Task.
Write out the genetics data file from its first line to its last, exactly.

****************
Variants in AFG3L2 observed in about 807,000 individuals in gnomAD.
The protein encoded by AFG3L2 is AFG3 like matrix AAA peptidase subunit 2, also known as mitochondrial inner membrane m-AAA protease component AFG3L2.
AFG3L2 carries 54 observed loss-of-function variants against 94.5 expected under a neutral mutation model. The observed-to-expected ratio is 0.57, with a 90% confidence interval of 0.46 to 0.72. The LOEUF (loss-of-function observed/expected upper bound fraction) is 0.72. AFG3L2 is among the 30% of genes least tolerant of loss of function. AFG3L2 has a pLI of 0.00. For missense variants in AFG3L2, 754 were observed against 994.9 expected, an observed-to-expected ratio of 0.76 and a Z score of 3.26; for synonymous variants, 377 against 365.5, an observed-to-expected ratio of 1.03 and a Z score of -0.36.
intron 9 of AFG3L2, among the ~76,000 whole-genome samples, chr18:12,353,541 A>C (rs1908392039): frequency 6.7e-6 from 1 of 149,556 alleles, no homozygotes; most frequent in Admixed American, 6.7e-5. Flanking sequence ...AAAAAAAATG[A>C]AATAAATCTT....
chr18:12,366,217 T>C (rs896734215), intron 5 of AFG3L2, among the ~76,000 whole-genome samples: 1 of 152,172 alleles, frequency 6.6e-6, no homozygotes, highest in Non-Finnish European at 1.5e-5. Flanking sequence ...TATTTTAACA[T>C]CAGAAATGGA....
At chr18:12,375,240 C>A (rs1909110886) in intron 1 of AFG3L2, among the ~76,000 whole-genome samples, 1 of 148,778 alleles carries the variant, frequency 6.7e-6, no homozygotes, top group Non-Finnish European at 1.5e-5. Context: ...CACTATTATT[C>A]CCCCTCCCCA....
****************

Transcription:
Variants in AFG3L2 observed in about 807,000 individuals in gnomAD.
The protein encoded by AFG3L2 is AFG3 like matrix AAA peptidase subunit 2, also known as mitochondrial inner membrane m-AAA protease component AFG3L2.
AFG3L2 carries 54 observed loss-of-function variants against 94.5 expected under a neutral mutation model. The observed-to-expected ratio is 0.57, with a 90% confidence interval of 0.46 to 0.72. The LOEUF (loss-of-function observed/expected upper bound fraction) is 0.72. AFG3L2 is among the 30% of genes least tolerant of loss of function. AFG3L2 has a pLI of 0.00. For missense variants in AFG3L2, 754 were observed against 994.9 expected, an observed-to-expected ratio of 0.76 and a Z score of 3.26; for synonymous variants, 377 against 365.5, an observed-to-expected ratio of 1.03 and a Z score of -0.36.
intron 9 of AFG3L2, among the ~76,000 whole-genome samples, chr18:12,353,541 A>C (rs1908392039): frequency 6.7e-6 from 1 of 149,556 alleles, no homozygotes; most frequent in Admixed American, 6.7e-5. Flanking sequence ...AAAAAAAATG[A>C]AATAAATCTT....
chr18:12,366,217 T>C (rs896734215), intron 5 of AFG3L2, among the ~76,000 whole-genome samples: 1 of 152,172 alleles, frequency 6.6e-6, no homozygotes, highest in Non-Finnish European at 1.5e-5. Flanking sequence ...TATTTTAACA[T>C]CAGAAATGGA....
At chr18:12,375,240 C>A (rs1909110886) in intron 1 of AFG3L2, among the ~76,000 whole-genome samples, 1 of 148,778 alleles carries the variant, frequency 6.7e-6, no homozygotes, top group Non-Finnish European at 1.5e-5. Context: ...CACTATTATT[C>A]CCCCTCCCCA....